(WCAB's op. at 5-6 n.4) (citation omitted). Claimant now petitions this court for review.*fn5
Claimant first argues that the WCAB erred in concluding that Claimant failed to establish that Employer violated the statute. Claimant asserts that he proved Employer attempted to amend the executed C&R Agreement and refused to proceed with the C&R hearing at the direction of Turner, a non-party. Claimant asserts that Employer's action in this regard violates section 449 of the Workers' Compensation Act (Act).*fn6 We disagree.
Section 449 of the Act provides, in pertinent part, as follows:
(a) Nothing in this act shall impair the right of the parties interested to compromise and release, subject to the provisions herein contained, any and all liability which is claimed to exist under this act on account of injury or death.
(b) Upon or after filing a petition, the employer or insurer may submit the proposed compromise and release by stipulation signed by both parties to the [WCJ] for approval. The [WCJ] shall consider the petition and the proposed agreement in open hearing and shall render a decision. The [WCJ] shall not approve any compromise and release agreement unless he first determines that the claimant understands the full legal significance of the agreement..
(c) Every compromise and release by stipulation shall be in writing and duly executed..
(d) The department shall prepare a form to be utilized by the parties for a compromise and release..
77 P.S. §1000.5 (emphasis added).
This provision states that an employer or insurer may submit a petition for approval of a C&R Agreement. The provision does not prohibit an employer or insurer from withdrawing a petition for approval. Moreover, this court has stated that, under section 449 of the Act, "settlement agreements are not valid until they are approved by a WCJ." North Penn Sanitation, Inc. v. Workers' Compensation Appeal Board (Dillard), 850 A.2d 795, 798 (Pa. Cmwlth. 2004). Thus, the C&R Agreement here, although executed, was not a final, conclusive and binding agreement under section 449 of the Act. See id. Certainly, Employer did not violate section 449 by attempting to modify an agreement that was not final, conclusive or binding.*fn7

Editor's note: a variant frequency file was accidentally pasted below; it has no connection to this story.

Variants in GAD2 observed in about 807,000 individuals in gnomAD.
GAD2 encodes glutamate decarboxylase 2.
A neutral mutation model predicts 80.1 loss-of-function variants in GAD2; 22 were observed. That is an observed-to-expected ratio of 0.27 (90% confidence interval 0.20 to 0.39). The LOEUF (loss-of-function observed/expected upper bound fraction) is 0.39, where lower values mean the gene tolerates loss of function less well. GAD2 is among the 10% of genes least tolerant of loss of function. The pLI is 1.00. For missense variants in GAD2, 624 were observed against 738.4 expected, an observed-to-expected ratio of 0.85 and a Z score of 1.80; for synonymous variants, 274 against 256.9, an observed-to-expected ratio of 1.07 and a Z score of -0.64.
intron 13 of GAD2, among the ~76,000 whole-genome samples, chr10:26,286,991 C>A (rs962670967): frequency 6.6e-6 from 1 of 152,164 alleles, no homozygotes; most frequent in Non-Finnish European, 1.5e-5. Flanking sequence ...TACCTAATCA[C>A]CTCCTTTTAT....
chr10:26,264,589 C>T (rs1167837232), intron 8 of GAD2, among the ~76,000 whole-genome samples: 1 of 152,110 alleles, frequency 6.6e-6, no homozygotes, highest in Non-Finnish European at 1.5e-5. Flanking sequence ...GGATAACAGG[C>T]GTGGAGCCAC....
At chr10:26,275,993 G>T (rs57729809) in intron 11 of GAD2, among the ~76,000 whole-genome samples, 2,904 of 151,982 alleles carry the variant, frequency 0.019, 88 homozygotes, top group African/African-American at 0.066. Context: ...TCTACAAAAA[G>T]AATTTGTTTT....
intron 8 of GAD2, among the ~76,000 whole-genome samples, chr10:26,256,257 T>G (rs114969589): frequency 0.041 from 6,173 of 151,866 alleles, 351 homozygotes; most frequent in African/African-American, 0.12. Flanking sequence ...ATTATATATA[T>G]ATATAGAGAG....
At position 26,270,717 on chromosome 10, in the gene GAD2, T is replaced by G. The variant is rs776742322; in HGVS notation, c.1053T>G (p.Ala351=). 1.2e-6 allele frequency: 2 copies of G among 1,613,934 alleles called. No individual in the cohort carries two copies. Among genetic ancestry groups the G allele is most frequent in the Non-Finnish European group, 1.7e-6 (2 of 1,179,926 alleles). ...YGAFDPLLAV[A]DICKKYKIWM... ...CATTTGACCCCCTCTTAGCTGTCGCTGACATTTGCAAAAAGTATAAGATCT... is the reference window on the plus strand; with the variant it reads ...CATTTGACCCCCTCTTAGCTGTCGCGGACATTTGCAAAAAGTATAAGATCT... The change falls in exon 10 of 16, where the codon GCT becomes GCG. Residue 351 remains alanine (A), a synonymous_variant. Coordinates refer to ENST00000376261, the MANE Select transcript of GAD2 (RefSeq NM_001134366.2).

Claimant also argues that the WCAB erred in concluding that the WCJ imposed the 50% penalty on Employer solely for failure to submit the executed C&R Agreement for approval. Claimant contends that the WCJ also imposed the 50% penalty on Employer for failure to join Turner as a party, for misrepresentations by Employer's counsel at the C&R hearing, for failure to request a continuance of the C&R hearing and for refusal to produce a subpoenaed witness at the penalty petition hearing.*fn8 We disagree. The WCJ imposed the 50% penalty for Employer's unreasonable delay in submitting the C&R Agreement for approval.*fn9 Employer's delay was not caused by Employer's failure to join Turner as a party, by misrepresentations of counsel at the C&R hearing, by Employer's failure to request a continuance of the C&R hearing or by Employer's refusal to produce a subpoenaed witness at the penalty petition hearing.
Claimant further argues that the WCAB erred in concluding that there was a "mutual mistake" by the parties with respect to the restrictions on Claimant's future employment. However, the WCAB did not reach such a conclusion. Indeed, the words "mutual mistake" do not appear anywhere in the WCAB's decision. The WCAB simply concluded that the parties could not agree to modify the C&R Agreement to indicate whether Claimant could seek re-employment with Turner.*fn10
Finally, Claimant argues that the WCAB erred in failing to conclude that Employer's contest of the penalty petition was unreasonable. However, based on the foregoing discussion, we disagree that Employer's contest was unreasonable.
Accordingly, we affirm.
AND NOW, this 18th day of August, 2010, the order of the Workers' Compensation Appeal Board, dated February 23, 2010, is hereby affirmed.
ROCHELLE S. FRIEDMAN, Senior Judge